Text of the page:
So when Mousey Maxie Maxinbloom and his gang strode towards the bank, toting violin cases and pushing a strange contraption with a sheet over it on a big four-wheeled cart, the guards knew what to do.  Get everybody the heck out of the way, call a superhero, and be prepared for action in case this was the first encounter with the bad guys.  Everyone knew that the baddies usually won, the first time.

"Geez, boss, this is tough going," complained Lippy Lawrence, the lead man on the cart, as they pulled the sheeted whateveritwas up six stone steps.

"Is that the spirit that made guys like you take the beach at Normandy and Iwo Jima?" said Maxie, sternly.  "It's only been five years since then, and you guys act like you forgot all you learned there.  Whatever happened to the American spirit?"

"Well, boss," said Irish Hymie Schultz, who was pushing the thing from behind, "why don't you give us a hand with this mess, in that case?"

"Same reason Eisenhower wasn't on the front lines," explained Maxie.  "Now button it, and keep going."

The gang entered the bank, shoving a few customers out of the way courteously.  "This is a stick-up!" yelled Big Tony Smallchange, in time-honored fashion.

"Oh, dear me," said one grande dame of society at a teller's cage.  "What in heaven's name do they want us to stick up?"

"Our hands, I'd imagine, ma'am," said the underpaid teller, who was already doing that.

Maxie held the floor, mainly by standing on it.  "I'd like for you all to know that this isn't no run-of-the-mill stick-up.  This is going to be a real fancy job, with a super-hero fight tacked onto the end of it.  Therefore, those of you whom are into really good entertainment are advised to stick around.  The rest of you, outside of the employees of this fine establishment who must needs hand us the money, can leave at a normal rate of speed through the front door.  Kindly do not scream about what is going on inside.  This will cause consternation and panic and is not good for the digestive system.  Also, it might bring in more rubberneckers than this bank is prepared to handle.  This is just a normal, everyday heist, except for the stuff at the end.  Now.  Are we all clear on that?"

"Yes, sir!" came a chorus of civilian voices.

"Good," said Maxie.  "Now, I want you should call the radio station and tell them that Mousey Maxie Maxinbloom is relieving this fine establishment of some excess cash, and that Robotman and his copper-wired cur should come try and stop such action.  Can you do that for me?"

A vice-president, one of many, stood up.  "We're here to serve, sir."

"That's what I like to hear," said Maxie.  "Now, Murray and Mark, I want you should push this little surprise into the men's john, from which I will shortly emerge to contribute my part of the entertainment."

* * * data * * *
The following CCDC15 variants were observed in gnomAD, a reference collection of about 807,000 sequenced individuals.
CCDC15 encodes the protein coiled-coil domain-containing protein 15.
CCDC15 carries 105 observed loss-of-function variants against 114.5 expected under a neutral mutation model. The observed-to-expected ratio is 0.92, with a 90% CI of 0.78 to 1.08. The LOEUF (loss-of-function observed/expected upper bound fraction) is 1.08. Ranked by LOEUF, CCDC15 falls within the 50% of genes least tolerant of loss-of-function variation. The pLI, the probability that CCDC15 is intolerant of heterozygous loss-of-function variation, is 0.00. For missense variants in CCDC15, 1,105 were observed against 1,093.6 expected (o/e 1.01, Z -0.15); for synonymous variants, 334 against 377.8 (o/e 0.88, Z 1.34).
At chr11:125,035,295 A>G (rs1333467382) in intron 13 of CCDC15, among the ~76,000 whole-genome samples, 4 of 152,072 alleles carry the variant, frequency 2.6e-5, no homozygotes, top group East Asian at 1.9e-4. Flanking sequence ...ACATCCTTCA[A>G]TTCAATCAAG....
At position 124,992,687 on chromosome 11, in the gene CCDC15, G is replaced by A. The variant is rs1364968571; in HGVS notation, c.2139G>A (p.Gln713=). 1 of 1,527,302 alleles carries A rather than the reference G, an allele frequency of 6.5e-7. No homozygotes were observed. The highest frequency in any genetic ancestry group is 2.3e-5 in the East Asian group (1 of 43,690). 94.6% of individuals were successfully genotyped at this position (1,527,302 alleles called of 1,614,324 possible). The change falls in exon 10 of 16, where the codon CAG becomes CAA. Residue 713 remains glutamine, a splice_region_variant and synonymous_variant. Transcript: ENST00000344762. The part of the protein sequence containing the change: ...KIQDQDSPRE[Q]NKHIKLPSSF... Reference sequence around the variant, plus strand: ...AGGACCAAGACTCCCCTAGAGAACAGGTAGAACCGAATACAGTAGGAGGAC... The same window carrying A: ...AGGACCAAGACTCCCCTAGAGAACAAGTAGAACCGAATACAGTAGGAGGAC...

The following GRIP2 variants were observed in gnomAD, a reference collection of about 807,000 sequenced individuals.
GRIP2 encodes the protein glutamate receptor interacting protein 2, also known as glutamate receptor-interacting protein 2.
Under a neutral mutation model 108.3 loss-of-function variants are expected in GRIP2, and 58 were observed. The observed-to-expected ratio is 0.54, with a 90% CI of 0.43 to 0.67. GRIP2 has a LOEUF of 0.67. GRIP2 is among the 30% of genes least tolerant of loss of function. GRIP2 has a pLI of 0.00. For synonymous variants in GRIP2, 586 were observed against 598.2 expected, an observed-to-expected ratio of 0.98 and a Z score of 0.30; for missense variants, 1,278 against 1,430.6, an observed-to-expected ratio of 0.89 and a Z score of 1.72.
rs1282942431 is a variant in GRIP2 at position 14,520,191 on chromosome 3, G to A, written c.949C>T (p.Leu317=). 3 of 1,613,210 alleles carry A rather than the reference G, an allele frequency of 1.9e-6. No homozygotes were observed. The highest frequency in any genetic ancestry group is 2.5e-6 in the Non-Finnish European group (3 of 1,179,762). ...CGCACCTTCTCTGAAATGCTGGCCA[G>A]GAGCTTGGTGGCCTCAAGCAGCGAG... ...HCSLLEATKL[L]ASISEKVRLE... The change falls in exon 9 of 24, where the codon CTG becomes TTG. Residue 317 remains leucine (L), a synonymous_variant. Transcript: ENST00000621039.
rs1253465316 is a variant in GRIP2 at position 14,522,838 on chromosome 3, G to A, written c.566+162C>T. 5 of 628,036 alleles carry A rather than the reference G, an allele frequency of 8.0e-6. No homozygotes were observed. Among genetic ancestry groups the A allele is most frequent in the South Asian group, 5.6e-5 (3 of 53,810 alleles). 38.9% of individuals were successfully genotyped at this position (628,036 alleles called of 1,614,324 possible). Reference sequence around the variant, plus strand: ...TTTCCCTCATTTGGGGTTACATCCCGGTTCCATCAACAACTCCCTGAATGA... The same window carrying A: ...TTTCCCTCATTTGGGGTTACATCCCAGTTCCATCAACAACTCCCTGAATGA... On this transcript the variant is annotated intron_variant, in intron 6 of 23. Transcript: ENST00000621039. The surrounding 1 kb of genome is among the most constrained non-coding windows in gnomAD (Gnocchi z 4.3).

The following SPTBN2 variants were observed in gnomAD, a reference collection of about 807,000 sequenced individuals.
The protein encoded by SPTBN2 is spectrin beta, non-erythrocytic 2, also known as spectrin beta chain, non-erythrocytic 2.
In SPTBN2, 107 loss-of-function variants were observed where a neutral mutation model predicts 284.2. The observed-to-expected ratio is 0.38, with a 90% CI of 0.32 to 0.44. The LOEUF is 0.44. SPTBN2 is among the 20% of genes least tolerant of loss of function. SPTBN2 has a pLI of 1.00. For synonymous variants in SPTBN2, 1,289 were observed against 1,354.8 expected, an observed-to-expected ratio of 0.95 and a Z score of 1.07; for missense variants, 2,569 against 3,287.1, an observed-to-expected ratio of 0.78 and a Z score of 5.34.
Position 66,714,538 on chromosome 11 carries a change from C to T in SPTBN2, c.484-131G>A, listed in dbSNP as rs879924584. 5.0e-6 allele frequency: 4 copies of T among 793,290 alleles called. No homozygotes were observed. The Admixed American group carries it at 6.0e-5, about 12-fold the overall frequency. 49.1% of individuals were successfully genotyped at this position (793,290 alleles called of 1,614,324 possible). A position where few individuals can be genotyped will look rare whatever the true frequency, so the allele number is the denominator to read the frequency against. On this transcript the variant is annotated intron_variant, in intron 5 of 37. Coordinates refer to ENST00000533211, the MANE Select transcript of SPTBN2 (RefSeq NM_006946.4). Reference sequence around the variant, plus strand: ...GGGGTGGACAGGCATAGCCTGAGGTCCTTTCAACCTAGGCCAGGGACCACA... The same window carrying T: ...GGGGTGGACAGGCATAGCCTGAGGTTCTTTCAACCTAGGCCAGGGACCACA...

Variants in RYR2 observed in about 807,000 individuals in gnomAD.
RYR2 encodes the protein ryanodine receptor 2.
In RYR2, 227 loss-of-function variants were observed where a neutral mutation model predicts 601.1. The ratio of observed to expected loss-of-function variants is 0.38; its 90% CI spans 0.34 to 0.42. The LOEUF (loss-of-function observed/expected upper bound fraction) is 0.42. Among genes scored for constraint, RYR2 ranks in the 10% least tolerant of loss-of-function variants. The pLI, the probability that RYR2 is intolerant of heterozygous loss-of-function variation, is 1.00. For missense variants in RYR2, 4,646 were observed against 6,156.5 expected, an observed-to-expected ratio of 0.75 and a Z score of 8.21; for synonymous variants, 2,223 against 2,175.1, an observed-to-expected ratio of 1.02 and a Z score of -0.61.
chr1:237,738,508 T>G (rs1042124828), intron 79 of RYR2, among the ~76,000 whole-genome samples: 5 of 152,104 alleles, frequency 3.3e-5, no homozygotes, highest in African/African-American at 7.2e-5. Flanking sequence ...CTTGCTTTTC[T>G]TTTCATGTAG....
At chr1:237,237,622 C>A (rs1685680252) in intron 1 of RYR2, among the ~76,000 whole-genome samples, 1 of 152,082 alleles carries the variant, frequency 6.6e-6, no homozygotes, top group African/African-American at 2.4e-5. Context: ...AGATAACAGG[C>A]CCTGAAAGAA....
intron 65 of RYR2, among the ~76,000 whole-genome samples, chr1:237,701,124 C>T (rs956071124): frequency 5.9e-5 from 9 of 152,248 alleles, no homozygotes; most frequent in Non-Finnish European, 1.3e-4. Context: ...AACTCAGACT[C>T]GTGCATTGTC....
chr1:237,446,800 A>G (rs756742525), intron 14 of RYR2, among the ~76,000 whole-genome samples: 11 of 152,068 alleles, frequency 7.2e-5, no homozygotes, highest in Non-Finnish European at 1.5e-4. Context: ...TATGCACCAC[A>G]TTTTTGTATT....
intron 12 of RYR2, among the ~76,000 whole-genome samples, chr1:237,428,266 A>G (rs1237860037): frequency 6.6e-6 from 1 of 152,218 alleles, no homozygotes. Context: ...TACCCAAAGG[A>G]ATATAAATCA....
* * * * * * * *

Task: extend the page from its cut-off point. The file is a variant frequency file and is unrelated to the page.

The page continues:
"Boss," said Bill Pending, lugging a tommy gun, "can I go with you?  I kinda got caught short."

Mousey looked at him and shook his head.  "Wait till I get back, Bill.  You really shoulda gone before we came."

The three of them wheeled the mysterious sheeted something into the men's rest room, while the remainder of the gang began pointing the noses of submachine guns into teller's cages and being rewarded with money.  The vice-president got on the phone.

"Get me a radio station," he said to the operator.

"Are you employed by a bank which is in need of a super-hero?" came the response.

"That's us," he said, proudly.

"Just one moment, sir," said the operator.


Robotman emerged from the store with six boxes of Ralston in two brown bags.  Robbie jumped to the height of the tops of the bags, in delight.  "Didja get ‘em, Robotman? Didja get ‘em?  Huh?"

"I got ‘em," said Robotman.  "You'd better hope that one of those blamed comic books is in one of them, because that's the last ones I ever buy for you."

"Evidently, you've forgotten, the howl," said Robbie, still bouncing like the pogo sticks which were soon to come into fashion in the ensuing decade.  "Now.  What about, Mousey?"

As if in answer, the radio of a nearby convertible, which was carrying the remains of a swing band program (not yet displaced by nascent rock ‘n' roll), and in which vehicle a clean-cut youth (with band-aids on said cuts) was necking with a cheerleader from a rival school, gave forth the following bulletin.

"Quicksilver!" said the announcer.  "The First National Bank is being held up by a gang which may be led by the infamous Mounty Maxie Moxinbloom!"

"That's Mousey Maxie Maxinbloom," said Robbie.

"Sorry," apologized the radio.  "At any rate, a vice-president of the bank has informed us that said bank has requested the presence of Robotman to deal with the problem.  The robbers are armed with Thompson submachine guns but are otherwise well-behaved.  In fact, one even volunteered to help an old lady out of the bank."

"Skip all that," said Robotman.  "First National, you said?"